“We had regular huddles with both the SingHealth Vaccination Operation Group as well as amongst ourselves in order to improve processes with safety of our staff as primary considerations,” she added.
Do you know the vaccine? Dr Limin (left) at training.
To minimise risk of errors, the processes of vaccine dilution and vaccine administration are segregated and undertaken by different staff members dedicated to the respective tasks. After dilution, the vaccine vial will be labelled with the date and time of dilution. It will then be handed over to the staff member responsible for vaccine administration. Both staff – the one handing over and the one receiving – then check and confirm before the reconstituted vaccine is accepted for use for vaccination.
All vaccinations administered are carefully documented. The number of vaccinated persons will be tallied and reconciled against the number of utilised vaccine vials to ensure that every dose in each vial is properly accounted for.
“To prevent errors that might occur from distractions, our nurse who is assigned as the dilutor for the day wears a medication vest to signal that she is not to be disturbed. We also set aside an area dedicated to this task,” said DDN Elena.
Nurse in medication vest diluting the vaccine.
Triage and managing adverse reactions
When staff arrive for vaccination, they are first screened by doctors or nurses to check if they have any contraindications to this vaccine.
“There are nuances with some of the medical conditions which require us to discuss with the staff on the risk and benefits of the vaccine,” said Dr Lim John Wah.
Another safety precaution is to observe staff for 30 minutes after vaccination, in case anyone feels unwell. We also have emergency equipment on standby in case staff feels unwell or reports severe allergic reactions.
“We engage our allergist, the pharmacists, the code blue team and the SMART team to better prepare the nursing and medical team to manage possible side effects and any anaphylactic reaction from the vaccination,” said DDN Elena.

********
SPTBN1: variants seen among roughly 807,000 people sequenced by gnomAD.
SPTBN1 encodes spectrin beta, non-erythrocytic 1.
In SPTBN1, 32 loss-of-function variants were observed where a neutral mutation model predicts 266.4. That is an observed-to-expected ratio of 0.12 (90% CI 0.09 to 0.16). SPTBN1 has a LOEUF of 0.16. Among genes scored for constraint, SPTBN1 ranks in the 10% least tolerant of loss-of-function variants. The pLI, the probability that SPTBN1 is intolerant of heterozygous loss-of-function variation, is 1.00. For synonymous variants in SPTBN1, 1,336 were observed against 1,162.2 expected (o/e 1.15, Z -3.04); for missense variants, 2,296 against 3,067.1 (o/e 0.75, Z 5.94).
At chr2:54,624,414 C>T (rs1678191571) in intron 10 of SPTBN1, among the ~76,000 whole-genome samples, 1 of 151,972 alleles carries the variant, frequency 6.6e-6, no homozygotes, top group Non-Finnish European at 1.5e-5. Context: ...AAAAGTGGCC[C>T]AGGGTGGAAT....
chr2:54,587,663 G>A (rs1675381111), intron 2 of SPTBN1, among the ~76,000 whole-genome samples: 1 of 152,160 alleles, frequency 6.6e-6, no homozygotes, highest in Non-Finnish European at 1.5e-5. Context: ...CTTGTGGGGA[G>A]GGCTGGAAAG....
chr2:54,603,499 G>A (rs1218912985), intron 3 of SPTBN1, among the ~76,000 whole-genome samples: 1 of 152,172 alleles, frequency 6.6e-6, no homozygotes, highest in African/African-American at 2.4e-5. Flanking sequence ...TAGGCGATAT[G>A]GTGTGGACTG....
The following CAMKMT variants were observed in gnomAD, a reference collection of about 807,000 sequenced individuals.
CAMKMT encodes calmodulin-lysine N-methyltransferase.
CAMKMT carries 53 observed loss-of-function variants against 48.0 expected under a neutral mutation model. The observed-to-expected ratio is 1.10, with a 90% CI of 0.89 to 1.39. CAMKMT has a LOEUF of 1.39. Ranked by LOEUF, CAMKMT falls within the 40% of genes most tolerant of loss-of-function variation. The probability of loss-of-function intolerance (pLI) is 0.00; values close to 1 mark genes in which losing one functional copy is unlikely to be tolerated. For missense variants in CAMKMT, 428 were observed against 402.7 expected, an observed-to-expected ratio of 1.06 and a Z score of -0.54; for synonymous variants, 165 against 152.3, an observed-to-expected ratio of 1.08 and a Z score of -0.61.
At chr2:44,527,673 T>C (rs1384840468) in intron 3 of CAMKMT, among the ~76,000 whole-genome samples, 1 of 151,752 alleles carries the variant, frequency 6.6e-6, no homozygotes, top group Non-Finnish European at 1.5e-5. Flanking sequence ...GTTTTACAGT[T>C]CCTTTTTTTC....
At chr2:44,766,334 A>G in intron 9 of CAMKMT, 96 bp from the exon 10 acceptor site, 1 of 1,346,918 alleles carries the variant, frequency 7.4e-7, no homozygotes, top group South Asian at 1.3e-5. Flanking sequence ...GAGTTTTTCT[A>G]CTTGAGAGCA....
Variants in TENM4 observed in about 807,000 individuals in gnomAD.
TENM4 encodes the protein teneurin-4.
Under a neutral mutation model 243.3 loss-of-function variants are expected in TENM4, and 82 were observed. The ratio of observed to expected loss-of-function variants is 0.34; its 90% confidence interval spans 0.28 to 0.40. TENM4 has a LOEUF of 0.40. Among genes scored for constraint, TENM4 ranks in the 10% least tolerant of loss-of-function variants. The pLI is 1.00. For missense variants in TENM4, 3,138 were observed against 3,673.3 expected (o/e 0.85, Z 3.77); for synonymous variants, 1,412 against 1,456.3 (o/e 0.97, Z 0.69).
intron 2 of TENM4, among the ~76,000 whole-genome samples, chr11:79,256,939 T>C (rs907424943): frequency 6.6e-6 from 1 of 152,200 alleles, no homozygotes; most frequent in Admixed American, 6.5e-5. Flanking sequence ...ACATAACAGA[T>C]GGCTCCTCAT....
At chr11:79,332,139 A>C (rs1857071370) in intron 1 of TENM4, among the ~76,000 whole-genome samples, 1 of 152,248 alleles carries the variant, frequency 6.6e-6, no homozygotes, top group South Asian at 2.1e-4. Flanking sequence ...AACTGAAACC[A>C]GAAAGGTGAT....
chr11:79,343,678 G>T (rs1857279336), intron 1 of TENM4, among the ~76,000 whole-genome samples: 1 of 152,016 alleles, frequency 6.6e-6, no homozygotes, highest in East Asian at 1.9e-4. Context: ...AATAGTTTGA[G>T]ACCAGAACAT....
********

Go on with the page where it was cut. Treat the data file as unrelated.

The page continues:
Making every dose count
Globally, the vaccine is in short supply and our staff are privileged to be given priority to have it. While we want to ensure we have enough stock each day, it is equally important not to waste any dose. To try to match the demand to supply for the day, vaccination is by appointment only. However, sometimes staff do not turn up, and the team has to activate colleagues who are on a standby list, to use up the dose that has been diluted and prepared.
“At the end of each day, we have to account for every single dose and match the number against the quantity delivered and prepared and the staff vaccinated. Ensuring accurate data has become our biggest challenge, as a fair bit of the data entry is done manually. When the numbers do not tally, we have to count all over again,” said Ong Jie Yi, Senior Manager of PRD.
“In many countries, even developed ones, people are desperately waiting for vaccines. In Singapore, we healthcare workers are very privileged to be assured of the vaccine if we want them, in this first phase where we are placed at the head of the queue. Ensuring health care workers’ safety from COVID-19 infection also translate to patients’ safety, as vaccination can reduce the risk of transmission to patients we look after,” said Dr Lim John Wah.
“What do we hope to achieve? We are doing our best to make certain every single one of us get through the pandemic safely. Staff safety is our priority. It would be a sad day if any of our colleague were to fall to COVID-19,” said Dr Limin.We love mail! Drop us a note at firstname.lastname@example.org to tell us what you like or didn’t like about this story, and what you would like to see more of in LighterNotes.